HIC-MENA [ Habitat International Coalition ]

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Continued Displacement, Destruction of Homes

What is affected
Housing Private
Type of violation Demolition/destruction
Date 13 March 2003
Region MENA
Country Iraq
City Throughout the country

Affected persons (number & composition)

Total 456900
Men 0
Women 0
Children 0
Your solution
Download any important details UNHCR returnee_report.pdf


Download any important development



Demolition/destruction
Housing losses
- Number of homes 256140
- Total value

Duty holder(s) /responsible party(ies)

State
Private party
Brief narrative While Iraq is not a signatory to the 1951 Refugee Convention or its 1967 Protocol it has hosted UNHCR’s assistance, Palestinian, Iranian, Turkish and Syrian refugees. After the fall of the previous regime, UNHCR’s program included assisting returning refugees and IDPs. After the Samara Shrine bombing in February 2006, the UNHCR’s responsibility was expanded to assisting internally displaced persons. UNHCR facilitates the return of people who have decided to repatriate on an individual basis. UNHCR has recorded 426,090 Iraqi refugee and IDP returnees during 2008 and 2009. Of this total, 15% are refugees, the rest are IDPs and 90% returned to Baghdad and Diyala. UNHCR has registered some 230,000 Iraqi refugees in Syria, Jordan and countries neighboring Iraq. An estimated 1.5 million IDPs are in Iraq, including about 500,000 homeless individuals displaced in settlements or camp-like situations in extremely poor conditions and who are priority for protection, emergency assistance and advocacy interventions. Prime Minister’s Order 101, issued in August 2008, facilitates the return of refugees and IDPs in Baghdad through the restitution of illegally occupied properties. The Council of Ministers’ Order 262 provides registered returnee families with a grant of one million ID (US$ 840). In 2009 Order 101 was extended to Diyala (Order No. 54) calling for close coordination/collaboration with international agencies. UNHCR is coordinating the UN transitional efforts for the “Diyala (return) Initiative” together with the GoI. UNHCR has well-established Protection and Assistance Centers (PACs) coupled in mid-2009 with the launching of the Return, Integration and Community Centers (RICCs) network. Both increase the outreach to the communities through provision of legal services, protection monitoring (PACs), operations coordination, needs assessment, social and information assistance (RICCs). Shelter along with livelihoods, continues to be one of the key concerns of returnees; 60% of assessed IDPs reported that their houses are either damaged/destroyed or occupied by others which can impact their decision to return. Iraq is in transition; entering a recovery phase where civil society will play an integral part to sustainable returnee communities. UNHCR launched its NGO Empowerment Scheme in mid-2009 to enhance the performance and administrative capacity of selected national NGOs and enabling UNHCR to deliver urgent assistance at a targeted and grassroots level. http://reliefweb.int/rw/rwb.nsf/db900sid/MYAI-89R9K3/$File/full_report.pdf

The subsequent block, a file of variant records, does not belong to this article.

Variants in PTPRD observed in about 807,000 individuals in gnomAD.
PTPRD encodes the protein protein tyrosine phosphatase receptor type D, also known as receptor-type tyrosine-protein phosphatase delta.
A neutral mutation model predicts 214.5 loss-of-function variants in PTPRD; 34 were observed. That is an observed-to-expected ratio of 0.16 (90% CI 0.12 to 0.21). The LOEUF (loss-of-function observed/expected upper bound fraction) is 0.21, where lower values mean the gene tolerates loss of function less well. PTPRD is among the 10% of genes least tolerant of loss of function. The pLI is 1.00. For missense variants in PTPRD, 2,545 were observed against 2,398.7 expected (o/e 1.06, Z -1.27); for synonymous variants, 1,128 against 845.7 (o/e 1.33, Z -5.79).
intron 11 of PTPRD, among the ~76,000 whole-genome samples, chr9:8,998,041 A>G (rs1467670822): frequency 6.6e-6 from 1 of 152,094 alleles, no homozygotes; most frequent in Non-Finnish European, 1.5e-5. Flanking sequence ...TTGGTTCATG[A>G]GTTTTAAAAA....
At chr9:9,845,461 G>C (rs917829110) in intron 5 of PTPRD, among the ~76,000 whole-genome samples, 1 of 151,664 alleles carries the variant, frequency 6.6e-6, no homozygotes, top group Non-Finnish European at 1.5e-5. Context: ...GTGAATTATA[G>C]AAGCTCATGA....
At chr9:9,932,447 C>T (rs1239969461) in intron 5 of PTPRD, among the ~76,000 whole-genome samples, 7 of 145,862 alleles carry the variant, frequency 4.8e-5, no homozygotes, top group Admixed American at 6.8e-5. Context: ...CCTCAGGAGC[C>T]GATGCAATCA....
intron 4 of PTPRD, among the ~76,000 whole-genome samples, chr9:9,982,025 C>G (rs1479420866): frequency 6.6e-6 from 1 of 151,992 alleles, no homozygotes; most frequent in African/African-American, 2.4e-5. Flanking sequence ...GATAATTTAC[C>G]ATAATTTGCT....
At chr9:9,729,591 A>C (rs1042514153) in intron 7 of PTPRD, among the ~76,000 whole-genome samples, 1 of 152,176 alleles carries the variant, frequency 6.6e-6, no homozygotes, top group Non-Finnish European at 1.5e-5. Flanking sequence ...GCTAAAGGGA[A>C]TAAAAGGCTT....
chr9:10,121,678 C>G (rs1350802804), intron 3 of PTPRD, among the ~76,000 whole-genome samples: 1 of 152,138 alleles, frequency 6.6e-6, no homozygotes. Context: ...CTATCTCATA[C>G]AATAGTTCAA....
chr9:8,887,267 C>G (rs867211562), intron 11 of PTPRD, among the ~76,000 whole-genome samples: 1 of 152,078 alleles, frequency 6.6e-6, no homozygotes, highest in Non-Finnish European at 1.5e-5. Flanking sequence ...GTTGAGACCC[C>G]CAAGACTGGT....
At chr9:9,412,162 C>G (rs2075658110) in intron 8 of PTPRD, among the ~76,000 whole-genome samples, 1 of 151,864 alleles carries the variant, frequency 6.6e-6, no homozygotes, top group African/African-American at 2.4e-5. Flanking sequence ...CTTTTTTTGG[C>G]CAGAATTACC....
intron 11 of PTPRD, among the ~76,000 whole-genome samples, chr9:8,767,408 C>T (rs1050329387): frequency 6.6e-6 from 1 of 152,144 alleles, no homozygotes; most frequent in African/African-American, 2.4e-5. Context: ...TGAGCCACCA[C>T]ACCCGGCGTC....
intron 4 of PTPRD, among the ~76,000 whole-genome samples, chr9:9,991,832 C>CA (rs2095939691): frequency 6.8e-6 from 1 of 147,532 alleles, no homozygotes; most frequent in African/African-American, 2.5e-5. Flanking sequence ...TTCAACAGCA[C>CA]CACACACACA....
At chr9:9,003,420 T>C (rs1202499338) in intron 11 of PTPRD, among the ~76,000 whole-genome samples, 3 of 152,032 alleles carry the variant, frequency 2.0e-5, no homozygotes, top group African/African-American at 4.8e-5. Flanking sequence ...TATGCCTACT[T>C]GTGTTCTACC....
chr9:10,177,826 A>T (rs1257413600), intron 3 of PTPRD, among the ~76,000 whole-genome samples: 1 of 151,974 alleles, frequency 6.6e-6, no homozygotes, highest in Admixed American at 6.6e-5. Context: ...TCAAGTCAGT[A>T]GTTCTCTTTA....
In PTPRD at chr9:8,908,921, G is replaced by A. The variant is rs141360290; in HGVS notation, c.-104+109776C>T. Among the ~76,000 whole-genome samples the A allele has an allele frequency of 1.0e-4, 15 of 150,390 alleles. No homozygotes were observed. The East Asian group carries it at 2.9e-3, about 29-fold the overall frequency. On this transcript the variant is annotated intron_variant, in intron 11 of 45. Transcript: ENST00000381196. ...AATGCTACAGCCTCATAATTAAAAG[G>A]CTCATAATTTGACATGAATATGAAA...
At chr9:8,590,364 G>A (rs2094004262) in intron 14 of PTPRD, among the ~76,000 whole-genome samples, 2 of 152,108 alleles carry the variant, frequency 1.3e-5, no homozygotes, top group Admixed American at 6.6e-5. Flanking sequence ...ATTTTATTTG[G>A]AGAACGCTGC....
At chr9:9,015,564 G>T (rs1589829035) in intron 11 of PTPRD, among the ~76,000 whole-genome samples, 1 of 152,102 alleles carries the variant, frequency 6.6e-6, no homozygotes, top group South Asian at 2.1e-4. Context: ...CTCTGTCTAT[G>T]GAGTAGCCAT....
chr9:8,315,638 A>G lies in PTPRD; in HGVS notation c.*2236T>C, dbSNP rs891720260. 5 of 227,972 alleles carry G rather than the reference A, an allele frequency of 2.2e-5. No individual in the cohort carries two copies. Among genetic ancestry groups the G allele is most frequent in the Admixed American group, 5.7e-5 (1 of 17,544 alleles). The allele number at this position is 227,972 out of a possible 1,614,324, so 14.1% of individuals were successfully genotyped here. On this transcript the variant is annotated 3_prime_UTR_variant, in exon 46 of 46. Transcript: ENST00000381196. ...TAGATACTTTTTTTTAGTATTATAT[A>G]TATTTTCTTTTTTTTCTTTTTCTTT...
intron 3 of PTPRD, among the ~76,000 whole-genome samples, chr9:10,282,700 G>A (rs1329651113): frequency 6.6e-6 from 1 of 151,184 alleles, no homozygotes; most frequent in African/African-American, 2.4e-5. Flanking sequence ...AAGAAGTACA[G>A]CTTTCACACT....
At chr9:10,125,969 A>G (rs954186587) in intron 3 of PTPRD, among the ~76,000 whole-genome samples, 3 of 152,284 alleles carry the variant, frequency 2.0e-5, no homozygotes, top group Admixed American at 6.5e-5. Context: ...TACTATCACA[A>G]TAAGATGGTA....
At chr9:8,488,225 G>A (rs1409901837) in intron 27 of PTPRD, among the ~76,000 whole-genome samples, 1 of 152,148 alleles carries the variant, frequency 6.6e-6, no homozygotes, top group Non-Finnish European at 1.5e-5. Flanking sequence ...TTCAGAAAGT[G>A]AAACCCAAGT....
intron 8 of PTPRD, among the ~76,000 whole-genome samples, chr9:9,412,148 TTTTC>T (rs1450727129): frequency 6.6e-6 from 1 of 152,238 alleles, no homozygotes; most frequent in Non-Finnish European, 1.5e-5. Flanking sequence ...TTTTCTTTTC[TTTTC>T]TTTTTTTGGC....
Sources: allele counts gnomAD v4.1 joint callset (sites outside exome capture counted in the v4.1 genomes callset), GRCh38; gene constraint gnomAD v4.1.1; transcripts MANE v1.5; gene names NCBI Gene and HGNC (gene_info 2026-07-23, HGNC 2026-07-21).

Costs   0


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